Throughout the ages there have been many different mathematicians who specialise in a range of different topics. Let’s have a look at how a handful of formidable women shaped the field!
She is best known for being the founder of modern nursing but her innovative use of statistics helped her achieve this. She used these statistics to highlight that more soldiers were dying due to the poor hospital conditions rather than the battle itself.
Due to the fact that public records were a relatively new idea Nightingale used these to measure and analyse the number of deaths and life expectancy. She created new ways to display this data to convince the military, Parliament and Queen Victoria to carry out her reforms. In 1859, she was the first female member of the Royal Statistical Society.
She is thought to be the first woman to have studied and taught mathematics and philosophy. Her father, Theon, was also a famous Greek mathematician. He taught Hypatia maths, philosophy and astronomy before sending her away to Athens to study the teachings of Aristotle and Plato.
Hypatia was a celebrated Professor of the University of Alexandria and was known as a person of enormous intellectual power. Unfortunately, at this time, there was a lot of religious turmoil and Hypatia died a horrible death at the hands of a mob.
Emilie Du Chatelet
Emilie came from a French aristocratic family and because of this the family often had distinguished mathematicians and scientists at the home. She was taught at home and was encouraged by her father to pursue her love of science and maths.
Up until her death, Emilie worked on her translation and commentary of Newton’s Principia. For years this was the only French translation on Newton’s mechanics. She is also known for her physics textbook, Institutions de physique and her affair with Voltaire.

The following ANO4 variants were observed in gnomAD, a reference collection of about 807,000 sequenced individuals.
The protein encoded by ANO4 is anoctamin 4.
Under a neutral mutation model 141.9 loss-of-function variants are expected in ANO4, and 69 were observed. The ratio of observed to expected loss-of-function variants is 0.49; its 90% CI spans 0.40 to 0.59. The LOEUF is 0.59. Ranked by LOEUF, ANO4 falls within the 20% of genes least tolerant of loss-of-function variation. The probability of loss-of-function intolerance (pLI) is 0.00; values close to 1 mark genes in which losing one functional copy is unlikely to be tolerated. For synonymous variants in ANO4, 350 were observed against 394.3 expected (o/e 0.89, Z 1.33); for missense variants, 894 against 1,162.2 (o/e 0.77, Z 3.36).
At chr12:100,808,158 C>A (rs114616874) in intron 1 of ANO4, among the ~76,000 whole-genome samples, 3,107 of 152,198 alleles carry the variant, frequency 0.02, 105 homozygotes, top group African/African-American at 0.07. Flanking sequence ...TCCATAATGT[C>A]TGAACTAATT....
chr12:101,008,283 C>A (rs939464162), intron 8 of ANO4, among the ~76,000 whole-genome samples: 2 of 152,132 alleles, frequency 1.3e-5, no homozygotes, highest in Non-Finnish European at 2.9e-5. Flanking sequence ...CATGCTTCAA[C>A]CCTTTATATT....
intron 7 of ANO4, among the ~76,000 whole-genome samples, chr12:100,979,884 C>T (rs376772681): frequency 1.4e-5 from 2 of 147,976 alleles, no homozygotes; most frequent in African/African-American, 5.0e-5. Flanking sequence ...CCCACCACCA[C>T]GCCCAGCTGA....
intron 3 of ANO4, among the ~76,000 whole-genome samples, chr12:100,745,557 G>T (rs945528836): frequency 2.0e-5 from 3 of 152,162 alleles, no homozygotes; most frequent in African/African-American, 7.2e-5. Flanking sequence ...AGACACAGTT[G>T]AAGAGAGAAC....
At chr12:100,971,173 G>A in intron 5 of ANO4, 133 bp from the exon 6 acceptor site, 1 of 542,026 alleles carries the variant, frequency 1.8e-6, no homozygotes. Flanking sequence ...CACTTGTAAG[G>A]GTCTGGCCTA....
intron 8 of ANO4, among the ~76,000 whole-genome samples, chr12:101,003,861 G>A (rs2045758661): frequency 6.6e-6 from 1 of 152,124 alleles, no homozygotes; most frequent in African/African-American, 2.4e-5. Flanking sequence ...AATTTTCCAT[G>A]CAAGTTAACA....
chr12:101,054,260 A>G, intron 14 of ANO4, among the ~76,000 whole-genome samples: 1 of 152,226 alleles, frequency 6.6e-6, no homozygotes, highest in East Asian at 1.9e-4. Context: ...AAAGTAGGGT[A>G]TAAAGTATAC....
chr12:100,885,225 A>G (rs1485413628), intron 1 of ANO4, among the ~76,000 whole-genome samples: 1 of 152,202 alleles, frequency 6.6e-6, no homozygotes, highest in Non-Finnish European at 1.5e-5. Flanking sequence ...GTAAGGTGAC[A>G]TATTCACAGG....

Born in 1882, Noether was a German mathematician who studied and then taught maths. Later, she moved to America to lecture and continue her research. She contributed a lot to theoretical physics and abstract algebra including developing the theory of mathematical rings (sometimes called the Noether’s Ring), algebraic invariant theory and general relativity.
Albert Einstein called her the most ‘significant and creative female mathematician of all time.’ She is often credited in many of the mathematical works of her students.
Born in Britain in 1900, Cartwright was the first woman to attain a first-class mathematics degree from St. Hugh’s College, Oxford. Throughout her career she taught at Cambridge University and Girton College among other schools before going on to carry out research on differential equations.
Cartwright was elected to the fellowships of the Royal Society and in 1964 she was awarded the Sylvester Medal. A lot of her work is one of the foundations of dynamical studies. She wrote over a 100 papers in her lifetime on a range of different mathematical topics including differential equations, level curves and more.
Why not have a look at some other famous mathematicians?
Do you know any other female mathematicians? Let us know…